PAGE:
I read Nora Ephron while I lay on my pink velvet couch at 11:45am, desperate for a break from the glare of my computer screen. She wrote of the feminist movement in the 1970s, dropping Gloria Steinem's name like they were neighbors or friends who occasionally saw one another at brunch on the Upper East Side. The words and, more specifically, the way Ephron strings them together with such exquisite yet seemingly carefree mastery of cadence and tone, feels mesmerizing. Was it Nathaniel Hawthorne who said “easy reading is damn good writing”?
Another woman whose writing style I admire is the author of one of my favorite books ever (which is saying a lot) Chasing Slow, Erin Loechner. Her words are straightforward but also melodic in a way that I wish came more naturally to me. What she writes, like the beloved Nora, tucks meaning away for future generations to explore and unpack and feel deep in their bones. It’s timeless writing, is what I really mean to say. Future classic.
In any event, the reason I’m fangirling over these two writers is that I read both of them today. Just one essay from each. One in a slightly yellowed copy of Crazy Salad some things about women & Scribble Scribble notes on the media I borrowed from the library; the other delivered via email and read while I was waiting for the microwave to beep.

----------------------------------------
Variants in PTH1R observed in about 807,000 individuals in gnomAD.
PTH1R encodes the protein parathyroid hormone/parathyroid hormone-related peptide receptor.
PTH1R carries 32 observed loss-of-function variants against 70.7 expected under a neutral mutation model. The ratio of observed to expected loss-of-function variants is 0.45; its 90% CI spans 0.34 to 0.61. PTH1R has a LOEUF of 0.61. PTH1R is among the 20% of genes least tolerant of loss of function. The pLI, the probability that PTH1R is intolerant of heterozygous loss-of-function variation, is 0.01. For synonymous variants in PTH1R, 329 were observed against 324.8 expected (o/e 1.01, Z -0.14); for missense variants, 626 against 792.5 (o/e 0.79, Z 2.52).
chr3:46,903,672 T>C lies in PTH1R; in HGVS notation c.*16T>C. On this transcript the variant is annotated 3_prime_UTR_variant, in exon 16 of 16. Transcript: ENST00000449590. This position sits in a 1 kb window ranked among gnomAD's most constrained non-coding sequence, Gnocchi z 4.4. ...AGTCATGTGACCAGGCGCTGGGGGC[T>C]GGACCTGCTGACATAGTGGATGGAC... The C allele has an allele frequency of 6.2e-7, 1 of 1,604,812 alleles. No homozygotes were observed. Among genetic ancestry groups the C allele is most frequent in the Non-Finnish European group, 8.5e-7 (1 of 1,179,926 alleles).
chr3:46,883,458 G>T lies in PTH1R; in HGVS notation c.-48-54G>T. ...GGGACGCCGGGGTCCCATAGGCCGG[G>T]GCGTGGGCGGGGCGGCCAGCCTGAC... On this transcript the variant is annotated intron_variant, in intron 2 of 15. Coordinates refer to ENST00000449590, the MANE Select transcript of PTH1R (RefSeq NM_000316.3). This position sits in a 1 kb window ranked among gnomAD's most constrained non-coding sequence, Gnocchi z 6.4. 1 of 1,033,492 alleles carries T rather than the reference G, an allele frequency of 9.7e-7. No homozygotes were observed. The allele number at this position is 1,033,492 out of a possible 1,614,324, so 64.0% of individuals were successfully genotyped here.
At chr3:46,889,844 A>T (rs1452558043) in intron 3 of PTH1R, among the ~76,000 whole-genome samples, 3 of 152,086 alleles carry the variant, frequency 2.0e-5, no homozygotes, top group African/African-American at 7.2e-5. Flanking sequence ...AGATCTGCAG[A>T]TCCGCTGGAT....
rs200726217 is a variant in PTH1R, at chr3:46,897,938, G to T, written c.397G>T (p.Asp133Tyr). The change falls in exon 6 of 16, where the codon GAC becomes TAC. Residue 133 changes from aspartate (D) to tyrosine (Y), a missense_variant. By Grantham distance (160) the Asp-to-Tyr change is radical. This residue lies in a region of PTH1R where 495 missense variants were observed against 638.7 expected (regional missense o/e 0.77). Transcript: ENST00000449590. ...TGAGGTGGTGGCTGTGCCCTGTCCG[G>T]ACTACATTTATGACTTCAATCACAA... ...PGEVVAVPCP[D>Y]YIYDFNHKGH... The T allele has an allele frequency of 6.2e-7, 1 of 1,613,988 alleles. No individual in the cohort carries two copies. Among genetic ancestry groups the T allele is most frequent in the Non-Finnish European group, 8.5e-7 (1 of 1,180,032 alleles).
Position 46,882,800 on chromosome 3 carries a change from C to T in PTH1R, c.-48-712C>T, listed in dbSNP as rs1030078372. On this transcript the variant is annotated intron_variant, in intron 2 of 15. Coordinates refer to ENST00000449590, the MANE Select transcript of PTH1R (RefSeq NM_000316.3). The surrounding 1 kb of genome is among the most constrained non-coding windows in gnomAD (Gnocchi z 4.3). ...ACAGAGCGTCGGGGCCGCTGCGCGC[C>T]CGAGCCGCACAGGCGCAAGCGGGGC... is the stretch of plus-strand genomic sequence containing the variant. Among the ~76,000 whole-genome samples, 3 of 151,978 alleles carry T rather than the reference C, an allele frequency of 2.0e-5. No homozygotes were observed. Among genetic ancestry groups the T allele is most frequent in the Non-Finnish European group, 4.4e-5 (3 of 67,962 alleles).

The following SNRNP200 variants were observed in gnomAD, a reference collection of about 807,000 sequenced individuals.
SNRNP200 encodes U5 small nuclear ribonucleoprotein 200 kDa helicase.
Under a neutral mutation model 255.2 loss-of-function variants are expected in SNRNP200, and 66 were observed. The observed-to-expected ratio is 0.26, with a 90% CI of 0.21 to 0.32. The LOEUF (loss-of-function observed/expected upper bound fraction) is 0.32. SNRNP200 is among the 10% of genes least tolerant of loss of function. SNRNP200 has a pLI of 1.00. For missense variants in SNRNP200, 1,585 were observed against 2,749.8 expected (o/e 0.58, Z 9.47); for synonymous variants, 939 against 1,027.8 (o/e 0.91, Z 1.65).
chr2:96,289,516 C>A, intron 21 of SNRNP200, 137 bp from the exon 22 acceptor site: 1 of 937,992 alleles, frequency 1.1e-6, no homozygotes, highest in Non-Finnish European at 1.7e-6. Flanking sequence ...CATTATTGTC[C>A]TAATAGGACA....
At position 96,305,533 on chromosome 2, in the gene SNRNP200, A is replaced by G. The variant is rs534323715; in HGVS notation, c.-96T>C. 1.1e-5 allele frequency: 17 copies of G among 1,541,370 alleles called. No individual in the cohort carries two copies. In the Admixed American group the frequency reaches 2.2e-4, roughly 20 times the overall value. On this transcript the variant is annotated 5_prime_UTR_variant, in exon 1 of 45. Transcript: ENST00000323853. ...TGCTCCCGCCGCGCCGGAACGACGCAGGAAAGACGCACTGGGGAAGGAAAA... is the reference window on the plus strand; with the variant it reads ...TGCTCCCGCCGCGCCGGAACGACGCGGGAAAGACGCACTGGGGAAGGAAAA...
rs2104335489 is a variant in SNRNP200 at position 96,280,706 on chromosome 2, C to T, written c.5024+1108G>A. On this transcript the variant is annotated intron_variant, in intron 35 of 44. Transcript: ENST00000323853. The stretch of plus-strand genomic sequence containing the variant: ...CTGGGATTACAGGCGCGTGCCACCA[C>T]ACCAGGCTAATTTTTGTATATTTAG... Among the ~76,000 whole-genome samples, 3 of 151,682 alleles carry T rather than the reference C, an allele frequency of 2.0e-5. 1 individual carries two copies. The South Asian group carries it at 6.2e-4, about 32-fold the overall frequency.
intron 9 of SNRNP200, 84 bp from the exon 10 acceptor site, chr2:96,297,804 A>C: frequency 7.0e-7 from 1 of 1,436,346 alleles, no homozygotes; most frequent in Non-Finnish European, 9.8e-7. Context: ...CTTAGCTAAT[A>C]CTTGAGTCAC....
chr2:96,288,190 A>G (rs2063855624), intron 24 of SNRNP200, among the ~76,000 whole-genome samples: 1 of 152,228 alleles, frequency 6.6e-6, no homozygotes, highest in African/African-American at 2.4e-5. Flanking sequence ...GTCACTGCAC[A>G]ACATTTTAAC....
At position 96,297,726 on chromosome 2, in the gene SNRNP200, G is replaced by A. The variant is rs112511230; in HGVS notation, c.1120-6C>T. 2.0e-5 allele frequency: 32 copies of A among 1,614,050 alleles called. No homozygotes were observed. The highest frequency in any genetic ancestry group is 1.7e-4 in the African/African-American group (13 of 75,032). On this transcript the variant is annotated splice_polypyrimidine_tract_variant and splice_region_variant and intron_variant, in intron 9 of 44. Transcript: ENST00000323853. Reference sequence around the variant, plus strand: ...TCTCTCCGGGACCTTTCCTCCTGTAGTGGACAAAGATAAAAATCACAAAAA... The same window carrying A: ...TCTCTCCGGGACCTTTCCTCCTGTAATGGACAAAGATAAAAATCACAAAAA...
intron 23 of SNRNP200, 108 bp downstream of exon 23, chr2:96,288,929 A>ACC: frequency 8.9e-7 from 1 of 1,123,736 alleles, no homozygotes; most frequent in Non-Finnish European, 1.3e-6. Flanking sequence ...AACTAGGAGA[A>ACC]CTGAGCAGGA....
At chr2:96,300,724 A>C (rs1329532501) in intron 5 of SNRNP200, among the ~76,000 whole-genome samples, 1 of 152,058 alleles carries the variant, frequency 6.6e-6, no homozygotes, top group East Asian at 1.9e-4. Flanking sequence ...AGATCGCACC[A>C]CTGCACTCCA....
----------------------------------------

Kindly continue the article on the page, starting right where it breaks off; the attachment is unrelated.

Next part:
And I just really love great writers, and the stories they share. Reading great writers makes me want to be a great writer. We know it’s smart to keep the company only of people we’d want to be like; perhaps writers ought to keep the company only of writers who inspire them to new mastery.
Then again, would we even know good writing without knowing the bad?
A few words I adore from Emma Brocks for The Guardian: “You write, in part – in the main, probably – for the people you admire and they take on a much greater role in your life than their actual presence might justify. They are the voice in your head, the reader over your shoulder, the people you are trying to impress and live up to. In any given life you don't get many like Nora.”